As it approached, Raina could see the driver scowl at her. It made her heart sink and she decided to not get up, but instead remain seated. Whenever she rose up from her wheelchair it usually led to more curious gazes. Few understood that you didn’t always have to be paralysed to need a wheelchair.

The driver continued to scowl as it pulled up in front of the two of them waiting for it in the pouring rain. Raina had phoned ahead weeks ago to make sure it was okay for her to travel by bus. They had assured her that it was and that there was a ramp available on every transport vehicle. She had been thankful and relieved, but the look on the driver’s face after letting on Umbrella Man made her feel anything but welcome.

Would it be like this every Monday for the next three months?

The driver greeted her with a grunt and gestured to the back of the bus. Raina rolled the way she had come and as the back doors opened, she saw a young woman get up from her seat to assist the driver. Her long blonde hair framed the broad smile she threw at Raina when together with the driver she lifted the ramp and put it down onto the pavement for Raina.

‘Thanks so much,’ said Raina to the woman as she made her way into the bus. She ignored the driver as she punched her public transport card against the check-in machine while he brought the ramp back in, rain drops covering his jacket.

‘Any time,’ the woman said before returning to her seat.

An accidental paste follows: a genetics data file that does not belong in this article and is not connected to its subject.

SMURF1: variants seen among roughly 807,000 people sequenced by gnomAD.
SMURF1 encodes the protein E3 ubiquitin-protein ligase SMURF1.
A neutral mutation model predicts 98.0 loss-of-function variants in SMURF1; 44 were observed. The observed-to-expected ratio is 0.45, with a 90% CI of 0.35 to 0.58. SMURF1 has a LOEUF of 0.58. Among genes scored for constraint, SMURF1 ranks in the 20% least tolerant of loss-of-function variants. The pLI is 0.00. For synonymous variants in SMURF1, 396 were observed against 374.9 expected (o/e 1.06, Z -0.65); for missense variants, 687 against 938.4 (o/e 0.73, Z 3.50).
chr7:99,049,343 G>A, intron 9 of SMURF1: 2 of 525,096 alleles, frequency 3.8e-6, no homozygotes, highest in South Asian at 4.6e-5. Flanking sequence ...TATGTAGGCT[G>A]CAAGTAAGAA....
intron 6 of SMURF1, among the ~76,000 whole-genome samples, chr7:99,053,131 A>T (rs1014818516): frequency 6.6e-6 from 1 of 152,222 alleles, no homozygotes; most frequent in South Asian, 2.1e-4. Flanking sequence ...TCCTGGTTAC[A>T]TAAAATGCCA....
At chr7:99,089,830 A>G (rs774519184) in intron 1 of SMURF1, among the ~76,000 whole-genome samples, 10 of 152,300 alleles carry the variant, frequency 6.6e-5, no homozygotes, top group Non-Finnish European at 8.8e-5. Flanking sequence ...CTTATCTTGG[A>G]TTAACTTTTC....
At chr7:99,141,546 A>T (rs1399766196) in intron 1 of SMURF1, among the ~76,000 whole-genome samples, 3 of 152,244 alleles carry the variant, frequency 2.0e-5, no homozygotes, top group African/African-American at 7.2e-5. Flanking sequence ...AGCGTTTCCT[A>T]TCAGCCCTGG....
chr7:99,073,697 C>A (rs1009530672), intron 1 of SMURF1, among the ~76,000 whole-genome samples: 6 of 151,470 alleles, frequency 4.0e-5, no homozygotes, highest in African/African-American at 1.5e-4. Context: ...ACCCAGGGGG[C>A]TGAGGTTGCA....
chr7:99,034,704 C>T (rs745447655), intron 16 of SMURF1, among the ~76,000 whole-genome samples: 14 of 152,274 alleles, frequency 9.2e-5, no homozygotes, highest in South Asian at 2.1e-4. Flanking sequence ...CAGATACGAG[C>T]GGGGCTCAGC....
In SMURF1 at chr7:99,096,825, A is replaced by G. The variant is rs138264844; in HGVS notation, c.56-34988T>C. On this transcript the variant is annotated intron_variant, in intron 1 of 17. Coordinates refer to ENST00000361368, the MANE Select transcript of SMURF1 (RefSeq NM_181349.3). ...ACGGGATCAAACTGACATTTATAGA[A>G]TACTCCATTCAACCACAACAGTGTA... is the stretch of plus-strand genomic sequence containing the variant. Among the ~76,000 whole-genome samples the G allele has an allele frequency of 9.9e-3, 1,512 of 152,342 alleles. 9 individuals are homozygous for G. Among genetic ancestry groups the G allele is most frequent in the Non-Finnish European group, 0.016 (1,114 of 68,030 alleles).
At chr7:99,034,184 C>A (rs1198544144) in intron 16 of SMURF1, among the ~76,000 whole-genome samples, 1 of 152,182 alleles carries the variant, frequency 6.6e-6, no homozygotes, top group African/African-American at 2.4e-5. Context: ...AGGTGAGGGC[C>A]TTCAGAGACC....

As Raina rolled into the space allocated for wheelchairs and strollers, she bit her lip.

Could she be…?

She was a likely a candidate as any, Raina mused, staring at the woman’s profile in front of her.

Raina looked down at the wet bag in her lap and rummaged around inside to find her phone. As she took it out, the bus pulled away. She scrolled through her gallery, zooming in and out on photos that been taken by the public of the superheroine commonly known as Moon Badger. Raina would pay a lot of money – if only she had any – to see that grey suit with the white hood and black make-up over her eyes in real life some time. She compared the blurry shots of a woman standing on a rooftop and of the same woman far away during a fight in an alley to the figure and profile of the woman helping her onto the bus. Same height and figure, Raina guessed, looking up and down. But her profile… It was hard to judge a face’s contours from behind a façade. Raina didn’t even know what her hair colour was underneath that hood.